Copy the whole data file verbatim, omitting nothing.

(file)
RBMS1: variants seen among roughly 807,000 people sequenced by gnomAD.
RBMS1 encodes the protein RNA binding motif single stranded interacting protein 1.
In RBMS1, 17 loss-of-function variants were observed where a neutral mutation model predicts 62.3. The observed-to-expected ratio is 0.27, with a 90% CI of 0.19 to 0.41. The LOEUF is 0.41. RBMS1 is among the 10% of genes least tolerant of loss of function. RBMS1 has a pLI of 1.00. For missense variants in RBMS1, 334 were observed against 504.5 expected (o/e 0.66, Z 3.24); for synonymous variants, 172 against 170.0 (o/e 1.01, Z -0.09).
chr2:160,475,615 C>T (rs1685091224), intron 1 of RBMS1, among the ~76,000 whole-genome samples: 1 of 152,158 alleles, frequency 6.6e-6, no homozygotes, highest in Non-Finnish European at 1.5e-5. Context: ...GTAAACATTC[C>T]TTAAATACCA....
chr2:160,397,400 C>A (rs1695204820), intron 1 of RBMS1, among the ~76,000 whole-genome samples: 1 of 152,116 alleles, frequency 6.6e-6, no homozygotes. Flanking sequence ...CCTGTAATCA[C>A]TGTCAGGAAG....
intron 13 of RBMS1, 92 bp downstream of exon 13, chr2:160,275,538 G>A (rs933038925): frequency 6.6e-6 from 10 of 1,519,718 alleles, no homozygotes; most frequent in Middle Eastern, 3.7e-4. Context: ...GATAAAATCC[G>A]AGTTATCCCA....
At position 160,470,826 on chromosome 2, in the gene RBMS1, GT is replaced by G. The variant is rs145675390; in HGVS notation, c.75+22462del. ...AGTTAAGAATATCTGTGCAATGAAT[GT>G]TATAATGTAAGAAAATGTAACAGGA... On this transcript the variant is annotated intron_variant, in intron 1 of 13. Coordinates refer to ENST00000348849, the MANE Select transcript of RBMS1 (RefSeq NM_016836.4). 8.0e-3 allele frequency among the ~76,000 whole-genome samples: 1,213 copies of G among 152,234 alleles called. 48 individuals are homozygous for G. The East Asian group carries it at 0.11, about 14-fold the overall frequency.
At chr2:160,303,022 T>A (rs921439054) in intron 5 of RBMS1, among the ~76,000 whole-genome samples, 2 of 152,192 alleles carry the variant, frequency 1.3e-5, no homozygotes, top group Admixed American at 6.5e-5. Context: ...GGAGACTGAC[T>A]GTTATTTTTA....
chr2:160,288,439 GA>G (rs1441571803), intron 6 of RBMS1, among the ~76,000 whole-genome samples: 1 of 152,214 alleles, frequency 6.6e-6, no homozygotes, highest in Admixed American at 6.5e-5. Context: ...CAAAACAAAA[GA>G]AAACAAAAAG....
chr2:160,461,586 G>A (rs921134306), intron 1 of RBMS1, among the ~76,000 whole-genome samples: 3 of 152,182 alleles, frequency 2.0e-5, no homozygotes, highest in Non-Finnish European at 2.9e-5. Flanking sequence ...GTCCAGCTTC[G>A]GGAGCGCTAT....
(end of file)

RBMS1: variants seen among roughly 807,000 people sequenced by gnomAD.
RBMS1 encodes the protein RNA binding motif single stranded interacting protein 1.
In RBMS1, 17 loss-of-function variants were observed where a neutral mutation model predicts 62.3. The observed-to-expected ratio is 0.27, with a 90% CI of 0.19 to 0.41. The LOEUF is 0.41. RBMS1 is among the 10% of genes least tolerant of loss of function. RBMS1 has a pLI of 1.00. For missense variants in RBMS1, 334 were observed against 504.5 expected (o/e 0.66, Z 3.24); for synonymous variants, 172 against 170.0 (o/e 1.01, Z -0.09).
chr2:160,475,615 C>T (rs1685091224), intron 1 of RBMS1, among the ~76,000 whole-genome samples: 1 of 152,158 alleles, frequency 6.6e-6, no homozygotes, highest in Non-Finnish European at 1.5e-5. Context: ...GTAAACATTC[C>T]TTAAATACCA....
chr2:160,397,400 C>A (rs1695204820), intron 1 of RBMS1, among the ~76,000 whole-genome samples: 1 of 152,116 alleles, frequency 6.6e-6, no homozygotes. Flanking sequence ...CCTGTAATCA[C>A]TGTCAGGAAG....
intron 13 of RBMS1, 92 bp downstream of exon 13, chr2:160,275,538 G>A (rs933038925): frequency 6.6e-6 from 10 of 1,519,718 alleles, no homozygotes; most frequent in Middle Eastern, 3.7e-4. Context: ...GATAAAATCC[G>A]AGTTATCCCA....
At position 160,470,826 on chromosome 2, in the gene RBMS1, GT is replaced by G. The variant is rs145675390; in HGVS notation, c.75+22462del. ...AGTTAAGAATATCTGTGCAATGAAT[GT>G]TATAATGTAAGAAAATGTAACAGGA... On this transcript the variant is annotated intron_variant, in intron 1 of 13. Coordinates refer to ENST00000348849, the MANE Select transcript of RBMS1 (RefSeq NM_016836.4). 8.0e-3 allele frequency among the ~76,000 whole-genome samples: 1,213 copies of G among 152,234 alleles called. 48 individuals are homozygous for G. The East Asian group carries it at 0.11, about 14-fold the overall frequency.
At chr2:160,303,022 T>A (rs921439054) in intron 5 of RBMS1, among the ~76,000 whole-genome samples, 2 of 152,192 alleles carry the variant, frequency 1.3e-5, no homozygotes, top group Admixed American at 6.5e-5. Context: ...GGAGACTGAC[T>A]GTTATTTTTA....
chr2:160,288,439 GA>G (rs1441571803), intron 6 of RBMS1, among the ~76,000 whole-genome samples: 1 of 152,214 alleles, frequency 6.6e-6, no homozygotes, highest in Admixed American at 6.5e-5. Context: ...CAAAACAAAA[GA>G]AAACAAAAAG....
chr2:160,461,586 G>A (rs921134306), intron 1 of RBMS1, among the ~76,000 whole-genome samples: 3 of 152,182 alleles, frequency 2.0e-5, no homozygotes, highest in Non-Finnish European at 2.9e-5. Flanking sequence ...GTCCAGCTTC[G>A]GGAGCGCTAT....